The lack of a strong value proposition to buy a PC continues to divert consumer spending towards tablets and smartphones, according to IDC Asia/Pacific research manager Handoko Andi.
A set of preliminary research data from IDC indicate that the Asia/Pacific (excluding Japan) PC market declined eight percent sequentially and 13 percent year-on-year in 2013 Q1 to reach 26.4 million units, coming in lower than IDC's initial forecasts.
In China, Andi said that the Chinese New Year celebrations and constrained public sector spending in China held the market back.
Market leader Lenovo was affected, who saw its market share dropped to 22.8 percent compared to the previous quarter's 27 percent.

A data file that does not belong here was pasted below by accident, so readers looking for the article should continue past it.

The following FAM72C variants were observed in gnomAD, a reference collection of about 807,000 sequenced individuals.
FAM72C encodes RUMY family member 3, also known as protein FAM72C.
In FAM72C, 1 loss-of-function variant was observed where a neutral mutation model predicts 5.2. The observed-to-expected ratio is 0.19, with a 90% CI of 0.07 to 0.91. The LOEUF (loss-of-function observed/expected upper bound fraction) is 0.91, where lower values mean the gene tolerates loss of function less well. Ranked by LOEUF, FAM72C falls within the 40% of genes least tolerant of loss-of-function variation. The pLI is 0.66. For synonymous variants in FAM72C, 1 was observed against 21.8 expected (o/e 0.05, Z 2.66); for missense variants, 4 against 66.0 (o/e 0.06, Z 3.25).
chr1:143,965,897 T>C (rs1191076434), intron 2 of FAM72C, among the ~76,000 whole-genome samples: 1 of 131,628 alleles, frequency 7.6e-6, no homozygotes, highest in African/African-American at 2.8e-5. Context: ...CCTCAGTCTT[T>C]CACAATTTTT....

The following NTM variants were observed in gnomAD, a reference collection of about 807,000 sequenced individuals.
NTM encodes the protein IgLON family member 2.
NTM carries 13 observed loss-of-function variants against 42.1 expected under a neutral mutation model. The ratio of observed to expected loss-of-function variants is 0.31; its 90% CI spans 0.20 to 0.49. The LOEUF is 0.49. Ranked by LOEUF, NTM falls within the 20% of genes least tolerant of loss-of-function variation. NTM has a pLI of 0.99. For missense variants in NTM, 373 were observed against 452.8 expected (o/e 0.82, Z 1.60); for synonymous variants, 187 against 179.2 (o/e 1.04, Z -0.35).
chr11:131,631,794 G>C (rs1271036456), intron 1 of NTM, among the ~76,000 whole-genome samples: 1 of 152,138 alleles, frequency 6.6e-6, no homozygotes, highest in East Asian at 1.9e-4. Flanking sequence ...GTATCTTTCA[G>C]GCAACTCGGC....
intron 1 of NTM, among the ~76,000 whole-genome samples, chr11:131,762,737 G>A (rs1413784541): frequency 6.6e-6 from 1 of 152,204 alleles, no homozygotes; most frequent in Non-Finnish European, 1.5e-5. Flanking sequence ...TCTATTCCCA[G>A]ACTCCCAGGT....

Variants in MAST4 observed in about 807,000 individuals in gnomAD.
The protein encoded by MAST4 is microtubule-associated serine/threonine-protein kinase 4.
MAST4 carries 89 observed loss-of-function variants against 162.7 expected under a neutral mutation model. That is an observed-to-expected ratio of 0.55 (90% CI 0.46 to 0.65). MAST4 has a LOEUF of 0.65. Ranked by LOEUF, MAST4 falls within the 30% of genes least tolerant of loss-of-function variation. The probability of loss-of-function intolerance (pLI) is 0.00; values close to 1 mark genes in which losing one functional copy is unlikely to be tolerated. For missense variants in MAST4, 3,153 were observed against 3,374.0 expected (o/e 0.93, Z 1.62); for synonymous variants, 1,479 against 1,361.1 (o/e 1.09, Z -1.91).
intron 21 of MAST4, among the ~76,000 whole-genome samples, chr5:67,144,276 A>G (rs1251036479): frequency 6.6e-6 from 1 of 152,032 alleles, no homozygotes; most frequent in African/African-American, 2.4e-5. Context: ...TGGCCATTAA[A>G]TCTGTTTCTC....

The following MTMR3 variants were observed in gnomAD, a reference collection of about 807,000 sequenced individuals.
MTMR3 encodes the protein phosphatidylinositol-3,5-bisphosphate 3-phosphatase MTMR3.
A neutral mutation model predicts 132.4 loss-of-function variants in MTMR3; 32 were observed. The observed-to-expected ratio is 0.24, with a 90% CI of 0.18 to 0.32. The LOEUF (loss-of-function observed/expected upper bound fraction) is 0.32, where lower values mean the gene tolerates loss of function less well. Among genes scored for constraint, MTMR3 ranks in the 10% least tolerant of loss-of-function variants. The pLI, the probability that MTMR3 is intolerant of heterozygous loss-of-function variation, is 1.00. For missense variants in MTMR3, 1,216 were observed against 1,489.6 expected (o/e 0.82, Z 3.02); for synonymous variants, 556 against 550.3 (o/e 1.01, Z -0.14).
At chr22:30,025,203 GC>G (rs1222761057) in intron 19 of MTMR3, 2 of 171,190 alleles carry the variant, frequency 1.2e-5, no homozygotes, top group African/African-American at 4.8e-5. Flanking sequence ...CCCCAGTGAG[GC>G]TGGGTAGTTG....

PC buying sentiments were similarly weak in the rest of the region as well, with Windows 8 not helping to push sales in as IDC had initially hoped, despite older Windows 7 inventory clearing out in most countries.
"IDC is encouraged, however, by the work that vendors are putting into bringing out innovative PC designs, especially around touch, as well as the possibility of potential improvements from both Intel and Microsoft later this year that can at least help to make PCs more competitive, albeit still in catch-up mode."
Andi pointed out that HP's big education project win in India helped to improve its second position share to 9.8 percent from 9.2 percent.
Fellow second place maker Dell also had a positive quarter, said Andi, as it recovered some lost ground in its two big markets China and India. Dell's 8.4 percent share in the last quarter of 2012 improved to 9.8 percent.
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